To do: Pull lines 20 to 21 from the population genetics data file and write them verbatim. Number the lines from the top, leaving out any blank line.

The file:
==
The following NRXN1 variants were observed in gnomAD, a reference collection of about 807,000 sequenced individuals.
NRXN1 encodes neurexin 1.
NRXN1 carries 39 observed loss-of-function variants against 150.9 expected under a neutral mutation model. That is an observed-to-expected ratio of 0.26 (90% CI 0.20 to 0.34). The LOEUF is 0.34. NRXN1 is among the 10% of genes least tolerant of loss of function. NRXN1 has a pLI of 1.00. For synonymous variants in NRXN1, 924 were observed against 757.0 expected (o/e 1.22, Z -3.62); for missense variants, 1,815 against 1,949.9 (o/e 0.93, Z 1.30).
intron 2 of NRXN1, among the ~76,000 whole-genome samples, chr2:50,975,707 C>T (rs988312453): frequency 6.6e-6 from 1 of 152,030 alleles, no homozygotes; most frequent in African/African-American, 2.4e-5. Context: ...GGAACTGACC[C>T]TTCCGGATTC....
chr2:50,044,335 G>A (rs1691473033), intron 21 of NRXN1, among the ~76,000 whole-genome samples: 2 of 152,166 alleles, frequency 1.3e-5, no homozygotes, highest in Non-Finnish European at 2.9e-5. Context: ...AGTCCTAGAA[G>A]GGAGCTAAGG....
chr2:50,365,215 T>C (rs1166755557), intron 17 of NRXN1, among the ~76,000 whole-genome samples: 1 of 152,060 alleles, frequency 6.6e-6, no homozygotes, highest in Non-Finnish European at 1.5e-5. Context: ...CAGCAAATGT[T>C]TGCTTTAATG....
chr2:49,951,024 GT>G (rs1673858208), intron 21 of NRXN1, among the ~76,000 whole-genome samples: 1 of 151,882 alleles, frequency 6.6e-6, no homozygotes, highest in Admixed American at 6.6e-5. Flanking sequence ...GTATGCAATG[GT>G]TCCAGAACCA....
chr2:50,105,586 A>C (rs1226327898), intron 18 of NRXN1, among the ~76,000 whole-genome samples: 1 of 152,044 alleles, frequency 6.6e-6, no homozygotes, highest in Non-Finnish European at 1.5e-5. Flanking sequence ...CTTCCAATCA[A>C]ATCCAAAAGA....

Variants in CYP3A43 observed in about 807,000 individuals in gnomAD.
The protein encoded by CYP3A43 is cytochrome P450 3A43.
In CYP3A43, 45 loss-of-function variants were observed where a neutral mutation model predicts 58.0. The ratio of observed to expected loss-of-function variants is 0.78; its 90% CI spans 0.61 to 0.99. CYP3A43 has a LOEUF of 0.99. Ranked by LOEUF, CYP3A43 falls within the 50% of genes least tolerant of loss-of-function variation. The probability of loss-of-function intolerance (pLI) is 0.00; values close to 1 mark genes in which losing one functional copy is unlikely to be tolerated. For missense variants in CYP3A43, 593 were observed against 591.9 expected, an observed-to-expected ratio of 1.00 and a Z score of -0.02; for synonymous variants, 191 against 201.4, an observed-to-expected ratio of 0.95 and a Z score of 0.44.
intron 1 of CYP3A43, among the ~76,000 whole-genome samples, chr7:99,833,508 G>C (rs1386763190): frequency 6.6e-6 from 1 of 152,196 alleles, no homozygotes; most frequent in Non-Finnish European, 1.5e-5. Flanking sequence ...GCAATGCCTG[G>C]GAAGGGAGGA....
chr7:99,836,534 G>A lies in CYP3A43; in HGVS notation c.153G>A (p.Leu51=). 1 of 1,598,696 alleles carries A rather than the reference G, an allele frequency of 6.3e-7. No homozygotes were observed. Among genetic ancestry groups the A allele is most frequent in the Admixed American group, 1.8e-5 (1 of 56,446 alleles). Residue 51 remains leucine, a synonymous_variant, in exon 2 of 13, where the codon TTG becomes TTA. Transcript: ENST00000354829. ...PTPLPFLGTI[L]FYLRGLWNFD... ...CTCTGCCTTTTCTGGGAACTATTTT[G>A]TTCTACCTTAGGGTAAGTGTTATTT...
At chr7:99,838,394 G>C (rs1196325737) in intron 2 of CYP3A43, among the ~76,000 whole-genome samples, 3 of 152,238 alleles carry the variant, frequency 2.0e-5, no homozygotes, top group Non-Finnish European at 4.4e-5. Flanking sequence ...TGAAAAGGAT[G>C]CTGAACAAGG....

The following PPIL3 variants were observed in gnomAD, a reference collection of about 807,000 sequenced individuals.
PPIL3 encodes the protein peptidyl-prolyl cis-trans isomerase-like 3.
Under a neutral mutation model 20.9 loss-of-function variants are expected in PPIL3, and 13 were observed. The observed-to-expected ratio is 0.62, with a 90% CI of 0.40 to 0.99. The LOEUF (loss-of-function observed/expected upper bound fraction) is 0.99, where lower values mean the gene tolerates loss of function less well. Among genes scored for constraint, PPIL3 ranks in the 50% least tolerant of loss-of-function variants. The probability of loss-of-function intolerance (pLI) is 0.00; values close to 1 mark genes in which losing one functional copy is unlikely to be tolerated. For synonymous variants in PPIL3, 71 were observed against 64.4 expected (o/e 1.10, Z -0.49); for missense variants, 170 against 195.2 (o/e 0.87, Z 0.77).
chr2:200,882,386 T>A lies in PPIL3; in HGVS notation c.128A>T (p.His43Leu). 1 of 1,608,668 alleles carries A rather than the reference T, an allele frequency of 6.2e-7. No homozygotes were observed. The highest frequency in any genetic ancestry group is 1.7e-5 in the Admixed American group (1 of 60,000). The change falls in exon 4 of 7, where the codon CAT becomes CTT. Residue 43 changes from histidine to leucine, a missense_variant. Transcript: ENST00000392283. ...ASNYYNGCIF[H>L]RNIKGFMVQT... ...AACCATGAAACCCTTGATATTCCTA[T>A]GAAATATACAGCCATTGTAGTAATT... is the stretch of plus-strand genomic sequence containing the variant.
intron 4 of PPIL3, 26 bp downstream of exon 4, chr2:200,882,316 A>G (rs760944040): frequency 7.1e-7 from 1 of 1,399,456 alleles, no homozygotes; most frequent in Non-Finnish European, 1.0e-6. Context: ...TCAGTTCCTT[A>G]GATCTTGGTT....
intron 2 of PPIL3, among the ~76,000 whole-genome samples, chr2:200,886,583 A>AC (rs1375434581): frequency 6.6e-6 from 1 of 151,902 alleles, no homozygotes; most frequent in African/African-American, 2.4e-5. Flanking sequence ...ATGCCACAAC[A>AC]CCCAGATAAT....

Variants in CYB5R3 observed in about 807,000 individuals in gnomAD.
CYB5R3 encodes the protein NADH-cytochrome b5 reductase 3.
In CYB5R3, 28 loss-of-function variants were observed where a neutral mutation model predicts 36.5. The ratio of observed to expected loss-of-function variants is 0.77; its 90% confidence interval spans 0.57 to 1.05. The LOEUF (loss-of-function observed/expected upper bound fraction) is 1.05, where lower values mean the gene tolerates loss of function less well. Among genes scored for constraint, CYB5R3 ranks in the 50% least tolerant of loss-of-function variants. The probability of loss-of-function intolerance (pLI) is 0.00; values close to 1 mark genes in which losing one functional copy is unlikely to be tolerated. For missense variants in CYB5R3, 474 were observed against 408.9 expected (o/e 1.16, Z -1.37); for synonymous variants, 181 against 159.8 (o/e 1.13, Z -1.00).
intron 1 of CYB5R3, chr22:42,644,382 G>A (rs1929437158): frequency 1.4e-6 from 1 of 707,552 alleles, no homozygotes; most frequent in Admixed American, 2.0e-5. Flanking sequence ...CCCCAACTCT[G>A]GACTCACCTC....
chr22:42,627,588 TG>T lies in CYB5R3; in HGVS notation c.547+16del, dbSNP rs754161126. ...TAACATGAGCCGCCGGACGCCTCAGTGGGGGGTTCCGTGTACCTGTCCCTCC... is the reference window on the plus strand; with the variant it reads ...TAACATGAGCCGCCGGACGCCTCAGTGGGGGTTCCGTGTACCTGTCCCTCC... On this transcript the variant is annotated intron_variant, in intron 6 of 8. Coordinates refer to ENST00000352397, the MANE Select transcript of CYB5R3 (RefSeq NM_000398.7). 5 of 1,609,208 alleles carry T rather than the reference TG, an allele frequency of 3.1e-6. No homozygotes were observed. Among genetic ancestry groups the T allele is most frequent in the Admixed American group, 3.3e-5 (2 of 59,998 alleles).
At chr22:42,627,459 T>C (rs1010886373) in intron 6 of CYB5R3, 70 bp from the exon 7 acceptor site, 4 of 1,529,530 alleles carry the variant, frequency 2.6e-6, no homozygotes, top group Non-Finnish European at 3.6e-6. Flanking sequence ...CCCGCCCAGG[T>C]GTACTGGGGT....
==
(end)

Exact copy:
intron 2 of PPIL3, among the ~76,000 whole-genome samples, chr2:200,886,583 A>AC (rs1375434581): frequency 6.6e-6 from 1 of 151,902 alleles, no homozygotes; most frequent in African/African-American, 2.4e-5. Flanking sequence ...ATGCCACAAC[A>AC]CCCAGATAAT....

Variants in CYB5R3 observed in about 807,000 individuals in gnomAD.